LTL fleet makes trailers changes to cut costs
Manager: Bill Fowler
Title: Director of maintenance
Fleet: Con-Way Transportation Services, Ann Arbor, MI
Operation: Regional LTL
Bill Fowler had a pretty simple mandate when he took over as director of maintenance for Con-Way Transportation Services in October 2003 — make maintenance better.
That was no small task by any stretch of the imagination. Con-Way — the $2.6 billion trucking and logistics arm of $4-billion Palo Alto, CA-based transportation conglomerate CNF Inc. — employs 19,500 people and operates some 38,000 pieces of equipment.
A 20-year fleet maintenance veteran, Fowler took on the responsibility for managing the maintenance of all Con-Way company fleet assets, including those of its four regional LTL operations and its truckload division.
His responsibilities include managing regular preventive maintenance programs and procedures, evaluation and purchase of equipment, annual maintenance plan budgeting, overseeing expenditures, administration and maintenance vendor relationships.
One of the first big maintenance areas he reviewed were trailers.
“For example, we found half of our road calls were for burnt-out trailer lights,” says Fowler. “That's why when you go the ‘low-price’ trailer route, you have to think about what it'll really cost you down the road.”
To vastly reduce that maintenance headache, Con-Way first switched to light emitting diodes (LED) lamps for all of its trailer lights, instead of standard incandescent bulbs.
Though LED lamps can cost 10 times more than incandescent bulbs, because they last longer and don't burn out from exposure to the elements, Fowler was able to significantly reduce trailer road calls.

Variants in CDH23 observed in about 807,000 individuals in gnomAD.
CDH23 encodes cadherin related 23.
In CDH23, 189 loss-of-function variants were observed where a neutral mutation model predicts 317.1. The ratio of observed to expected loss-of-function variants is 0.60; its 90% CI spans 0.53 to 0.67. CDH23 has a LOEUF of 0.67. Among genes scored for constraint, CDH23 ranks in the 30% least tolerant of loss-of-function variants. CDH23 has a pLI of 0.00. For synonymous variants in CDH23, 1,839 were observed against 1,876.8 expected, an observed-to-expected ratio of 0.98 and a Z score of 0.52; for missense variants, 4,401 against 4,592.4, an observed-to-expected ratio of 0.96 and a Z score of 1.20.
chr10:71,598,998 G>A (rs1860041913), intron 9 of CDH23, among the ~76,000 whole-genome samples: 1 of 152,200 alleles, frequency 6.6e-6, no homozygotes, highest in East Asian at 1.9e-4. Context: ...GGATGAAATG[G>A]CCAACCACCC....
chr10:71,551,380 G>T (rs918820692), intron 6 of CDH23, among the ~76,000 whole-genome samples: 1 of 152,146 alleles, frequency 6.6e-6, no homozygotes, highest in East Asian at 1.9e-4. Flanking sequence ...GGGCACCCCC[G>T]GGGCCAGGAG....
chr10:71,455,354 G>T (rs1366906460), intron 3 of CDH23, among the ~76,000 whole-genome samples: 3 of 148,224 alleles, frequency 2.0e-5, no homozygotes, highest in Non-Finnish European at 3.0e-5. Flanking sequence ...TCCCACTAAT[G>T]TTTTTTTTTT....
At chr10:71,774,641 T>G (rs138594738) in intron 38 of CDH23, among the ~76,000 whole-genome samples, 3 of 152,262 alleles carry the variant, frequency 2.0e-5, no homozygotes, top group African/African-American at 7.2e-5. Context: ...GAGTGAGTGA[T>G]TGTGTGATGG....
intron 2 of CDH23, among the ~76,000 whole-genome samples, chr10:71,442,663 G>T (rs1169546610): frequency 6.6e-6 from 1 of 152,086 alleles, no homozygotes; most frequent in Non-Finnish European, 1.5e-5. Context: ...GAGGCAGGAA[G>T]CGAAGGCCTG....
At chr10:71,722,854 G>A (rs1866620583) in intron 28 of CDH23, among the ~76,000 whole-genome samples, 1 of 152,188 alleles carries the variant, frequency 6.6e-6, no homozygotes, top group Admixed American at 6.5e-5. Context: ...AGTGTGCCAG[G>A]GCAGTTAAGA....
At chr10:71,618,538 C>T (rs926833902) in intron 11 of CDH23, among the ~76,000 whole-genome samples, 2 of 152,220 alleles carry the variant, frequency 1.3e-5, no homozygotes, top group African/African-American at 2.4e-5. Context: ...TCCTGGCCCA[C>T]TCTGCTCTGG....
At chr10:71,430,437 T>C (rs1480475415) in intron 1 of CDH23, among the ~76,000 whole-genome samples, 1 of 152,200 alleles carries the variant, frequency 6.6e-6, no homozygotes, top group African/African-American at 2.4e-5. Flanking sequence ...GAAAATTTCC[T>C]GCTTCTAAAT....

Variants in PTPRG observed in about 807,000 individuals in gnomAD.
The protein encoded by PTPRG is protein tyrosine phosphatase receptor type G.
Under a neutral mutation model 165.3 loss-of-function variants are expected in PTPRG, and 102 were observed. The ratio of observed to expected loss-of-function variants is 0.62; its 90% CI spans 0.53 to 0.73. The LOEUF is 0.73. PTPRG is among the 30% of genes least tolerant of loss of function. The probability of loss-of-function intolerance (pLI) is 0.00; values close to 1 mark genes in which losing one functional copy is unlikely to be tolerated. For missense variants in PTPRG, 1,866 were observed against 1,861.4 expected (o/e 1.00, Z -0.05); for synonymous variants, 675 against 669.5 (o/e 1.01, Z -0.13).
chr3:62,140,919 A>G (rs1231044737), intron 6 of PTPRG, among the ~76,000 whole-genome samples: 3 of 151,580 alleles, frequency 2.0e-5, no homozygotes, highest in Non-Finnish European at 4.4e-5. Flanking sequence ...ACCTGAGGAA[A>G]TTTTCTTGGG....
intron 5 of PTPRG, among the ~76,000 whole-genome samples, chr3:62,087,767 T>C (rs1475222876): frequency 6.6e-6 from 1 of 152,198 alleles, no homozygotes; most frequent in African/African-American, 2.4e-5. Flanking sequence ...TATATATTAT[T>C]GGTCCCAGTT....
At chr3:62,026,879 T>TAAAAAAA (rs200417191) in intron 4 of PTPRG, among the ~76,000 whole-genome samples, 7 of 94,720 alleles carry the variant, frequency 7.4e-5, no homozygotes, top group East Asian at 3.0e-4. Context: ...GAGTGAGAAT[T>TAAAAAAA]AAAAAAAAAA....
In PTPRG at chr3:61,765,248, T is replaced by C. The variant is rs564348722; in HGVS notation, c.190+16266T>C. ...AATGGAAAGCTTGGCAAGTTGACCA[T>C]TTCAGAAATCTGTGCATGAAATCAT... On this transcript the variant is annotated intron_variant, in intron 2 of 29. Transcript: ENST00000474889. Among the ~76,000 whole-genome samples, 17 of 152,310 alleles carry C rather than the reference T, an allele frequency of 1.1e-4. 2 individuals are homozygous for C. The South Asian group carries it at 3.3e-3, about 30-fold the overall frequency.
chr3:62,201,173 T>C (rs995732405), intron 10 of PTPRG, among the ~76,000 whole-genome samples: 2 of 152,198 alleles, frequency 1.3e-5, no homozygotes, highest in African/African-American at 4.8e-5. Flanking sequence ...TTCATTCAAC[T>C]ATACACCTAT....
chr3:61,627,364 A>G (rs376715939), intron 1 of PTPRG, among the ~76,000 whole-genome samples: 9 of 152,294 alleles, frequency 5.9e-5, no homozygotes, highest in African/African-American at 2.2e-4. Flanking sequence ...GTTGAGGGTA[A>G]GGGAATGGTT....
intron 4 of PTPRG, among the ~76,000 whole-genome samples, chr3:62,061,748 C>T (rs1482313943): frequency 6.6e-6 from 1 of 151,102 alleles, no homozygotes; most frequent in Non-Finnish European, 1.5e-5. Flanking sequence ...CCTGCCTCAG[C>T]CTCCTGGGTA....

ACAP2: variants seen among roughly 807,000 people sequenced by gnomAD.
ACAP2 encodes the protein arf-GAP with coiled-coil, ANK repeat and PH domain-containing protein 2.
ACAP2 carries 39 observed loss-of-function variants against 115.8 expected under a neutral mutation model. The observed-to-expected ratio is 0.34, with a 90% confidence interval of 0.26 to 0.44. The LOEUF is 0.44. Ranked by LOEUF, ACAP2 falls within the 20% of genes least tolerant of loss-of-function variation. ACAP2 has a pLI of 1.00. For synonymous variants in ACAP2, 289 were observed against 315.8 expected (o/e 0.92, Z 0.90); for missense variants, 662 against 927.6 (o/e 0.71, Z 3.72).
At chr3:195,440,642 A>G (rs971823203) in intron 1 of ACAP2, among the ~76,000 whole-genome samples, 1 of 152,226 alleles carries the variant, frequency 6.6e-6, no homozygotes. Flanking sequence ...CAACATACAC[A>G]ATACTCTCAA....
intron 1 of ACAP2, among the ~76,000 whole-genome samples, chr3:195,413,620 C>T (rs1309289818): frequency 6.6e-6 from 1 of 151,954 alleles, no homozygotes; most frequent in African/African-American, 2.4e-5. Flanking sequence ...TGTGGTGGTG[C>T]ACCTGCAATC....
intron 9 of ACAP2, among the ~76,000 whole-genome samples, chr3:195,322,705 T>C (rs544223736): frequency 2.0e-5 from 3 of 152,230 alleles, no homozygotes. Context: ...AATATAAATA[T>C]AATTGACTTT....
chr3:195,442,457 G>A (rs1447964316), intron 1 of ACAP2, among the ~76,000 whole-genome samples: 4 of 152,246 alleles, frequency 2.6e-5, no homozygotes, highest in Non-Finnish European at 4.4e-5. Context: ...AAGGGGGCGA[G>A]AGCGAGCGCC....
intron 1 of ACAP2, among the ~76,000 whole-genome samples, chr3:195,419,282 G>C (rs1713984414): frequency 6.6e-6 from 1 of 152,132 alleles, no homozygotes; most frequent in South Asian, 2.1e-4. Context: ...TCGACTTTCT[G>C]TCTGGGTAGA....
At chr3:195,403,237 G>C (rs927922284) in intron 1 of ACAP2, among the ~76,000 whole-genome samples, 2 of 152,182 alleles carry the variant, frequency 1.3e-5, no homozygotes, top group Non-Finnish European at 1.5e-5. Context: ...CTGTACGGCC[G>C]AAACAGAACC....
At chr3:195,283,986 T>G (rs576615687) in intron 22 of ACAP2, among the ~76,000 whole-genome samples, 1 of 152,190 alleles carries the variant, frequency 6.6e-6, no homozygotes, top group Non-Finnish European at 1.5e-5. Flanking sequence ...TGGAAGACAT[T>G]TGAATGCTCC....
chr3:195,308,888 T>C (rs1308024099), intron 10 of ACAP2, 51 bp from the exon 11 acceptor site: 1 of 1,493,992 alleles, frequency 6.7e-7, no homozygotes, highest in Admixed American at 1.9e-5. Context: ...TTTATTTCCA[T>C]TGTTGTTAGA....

And he says that spending a little more up front has enabled the fleet to save money on lighting maintenance costs over the long haul.
But that's not the end of his efforts on trailers. Fowler says he's looking at other ways technology can help reduce trailer maintenance costs.
He points out that new approaches CNF may pursue include instituting solutions that automatically alert his maintenance team to potential problems or finding ways to make trailers more aerodynamic to help the LTL operations they serve cut fuel consumption.
“If the trailer could tell you it's sick and it's starting to have a problem, that could be of huge value down the road,” Fowler says.
“Right now, though, such communication costs are very expensive,” he continues. “But if the price comes down in the future, that could open more possibilities for trailer tracking on the maintenance side of things.”
Then there are the fairly simple aerodynamic alterations to trailers that could save on fuel costs.
“We're looking at using special ‘skirts’ along the bottom of the trailer to reduce drag,” Fowler explains.
“The projection is for a 6% fuel savings, which would be a huge benefit to us,” he adds. “But even a 2% savings would pay for itself and save us money over time.”
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